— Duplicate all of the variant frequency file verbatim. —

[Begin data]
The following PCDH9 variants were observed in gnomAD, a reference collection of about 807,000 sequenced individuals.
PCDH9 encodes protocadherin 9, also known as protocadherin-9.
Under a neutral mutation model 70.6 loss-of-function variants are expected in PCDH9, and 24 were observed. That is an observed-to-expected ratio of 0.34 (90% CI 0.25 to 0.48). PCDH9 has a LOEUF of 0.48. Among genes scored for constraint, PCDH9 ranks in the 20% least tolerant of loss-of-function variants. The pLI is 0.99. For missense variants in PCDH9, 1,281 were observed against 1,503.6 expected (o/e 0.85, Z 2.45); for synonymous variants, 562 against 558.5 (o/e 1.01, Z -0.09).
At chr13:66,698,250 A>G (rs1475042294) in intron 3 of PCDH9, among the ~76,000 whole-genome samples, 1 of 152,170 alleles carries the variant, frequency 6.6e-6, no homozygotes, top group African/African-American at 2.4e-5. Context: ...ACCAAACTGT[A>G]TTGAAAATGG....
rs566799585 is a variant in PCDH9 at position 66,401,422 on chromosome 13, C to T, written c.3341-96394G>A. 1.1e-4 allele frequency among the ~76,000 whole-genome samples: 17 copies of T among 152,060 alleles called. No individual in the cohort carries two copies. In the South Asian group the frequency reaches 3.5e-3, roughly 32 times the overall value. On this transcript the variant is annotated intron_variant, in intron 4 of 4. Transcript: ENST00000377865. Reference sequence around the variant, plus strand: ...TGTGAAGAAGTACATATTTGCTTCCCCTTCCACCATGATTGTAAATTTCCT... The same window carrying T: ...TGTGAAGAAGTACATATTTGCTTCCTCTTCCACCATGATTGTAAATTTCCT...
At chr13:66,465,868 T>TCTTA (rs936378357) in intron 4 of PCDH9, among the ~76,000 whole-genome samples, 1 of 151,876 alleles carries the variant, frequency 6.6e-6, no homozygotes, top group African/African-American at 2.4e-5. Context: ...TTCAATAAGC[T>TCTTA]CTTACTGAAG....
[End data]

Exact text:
The following PCDH9 variants were observed in gnomAD, a reference collection of about 807,000 sequenced individuals.
PCDH9 encodes protocadherin 9, also known as protocadherin-9.
Under a neutral mutation model 70.6 loss-of-function variants are expected in PCDH9, and 24 were observed. That is an observed-to-expected ratio of 0.34 (90% CI 0.25 to 0.48). PCDH9 has a LOEUF of 0.48. Among genes scored for constraint, PCDH9 ranks in the 20% least tolerant of loss-of-function variants. The pLI is 0.99. For missense variants in PCDH9, 1,281 were observed against 1,503.6 expected (o/e 0.85, Z 2.45); for synonymous variants, 562 against 558.5 (o/e 1.01, Z -0.09).
At chr13:66,698,250 A>G (rs1475042294) in intron 3 of PCDH9, among the ~76,000 whole-genome samples, 1 of 152,170 alleles carries the variant, frequency 6.6e-6, no homozygotes, top group African/African-American at 2.4e-5. Context: ...ACCAAACTGT[A>G]TTGAAAATGG....
rs566799585 is a variant in PCDH9 at position 66,401,422 on chromosome 13, C to T, written c.3341-96394G>A. 1.1e-4 allele frequency among the ~76,000 whole-genome samples: 17 copies of T among 152,060 alleles called. No individual in the cohort carries two copies. In the South Asian group the frequency reaches 3.5e-3, roughly 32 times the overall value. On this transcript the variant is annotated intron_variant, in intron 4 of 4. Transcript: ENST00000377865. Reference sequence around the variant, plus strand: ...TGTGAAGAAGTACATATTTGCTTCCCCTTCCACCATGATTGTAAATTTCCT... The same window carrying T: ...TGTGAAGAAGTACATATTTGCTTCCTCTTCCACCATGATTGTAAATTTCCT...
At chr13:66,465,868 T>TCTTA (rs936378357) in intron 4 of PCDH9, among the ~76,000 whole-genome samples, 1 of 151,876 alleles carries the variant, frequency 6.6e-6, no homozygotes, top group African/African-American at 2.4e-5. Context: ...TTCAATAAGC[T>TCTTA]CTTACTGAAG....